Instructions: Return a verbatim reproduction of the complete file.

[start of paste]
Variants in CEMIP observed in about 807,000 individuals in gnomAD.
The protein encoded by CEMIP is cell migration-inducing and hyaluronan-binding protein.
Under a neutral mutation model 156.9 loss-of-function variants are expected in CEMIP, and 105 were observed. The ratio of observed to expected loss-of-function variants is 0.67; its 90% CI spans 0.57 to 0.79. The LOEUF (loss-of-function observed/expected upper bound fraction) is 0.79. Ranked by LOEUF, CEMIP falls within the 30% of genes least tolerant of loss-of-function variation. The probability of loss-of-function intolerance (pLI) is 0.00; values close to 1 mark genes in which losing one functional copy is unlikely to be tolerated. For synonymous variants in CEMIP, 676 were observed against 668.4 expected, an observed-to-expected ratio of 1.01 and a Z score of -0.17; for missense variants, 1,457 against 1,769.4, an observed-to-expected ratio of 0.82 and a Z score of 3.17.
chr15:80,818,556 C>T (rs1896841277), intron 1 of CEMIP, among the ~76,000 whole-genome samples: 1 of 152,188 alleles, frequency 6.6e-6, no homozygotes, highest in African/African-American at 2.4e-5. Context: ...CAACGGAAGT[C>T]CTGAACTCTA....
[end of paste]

Variants in CEMIP observed in about 807,000 individuals in gnomAD.
The protein encoded by CEMIP is cell migration-inducing and hyaluronan-binding protein.
Under a neutral mutation model 156.9 loss-of-function variants are expected in CEMIP, and 105 were observed. The ratio of observed to expected loss-of-function variants is 0.67; its 90% CI spans 0.57 to 0.79. The LOEUF (loss-of-function observed/expected upper bound fraction) is 0.79. Ranked by LOEUF, CEMIP falls within the 30% of genes least tolerant of loss-of-function variation. The probability of loss-of-function intolerance (pLI) is 0.00; values close to 1 mark genes in which losing one functional copy is unlikely to be tolerated. For synonymous variants in CEMIP, 676 were observed against 668.4 expected, an observed-to-expected ratio of 1.01 and a Z score of -0.17; for missense variants, 1,457 against 1,769.4, an observed-to-expected ratio of 0.82 and a Z score of 3.17.
chr15:80,818,556 C>T (rs1896841277), intron 1 of CEMIP, among the ~76,000 whole-genome samples: 1 of 152,188 alleles, frequency 6.6e-6, no homozygotes, highest in African/African-American at 2.4e-5. Context: ...CAACGGAAGT[C>T]CTGAACTCTA....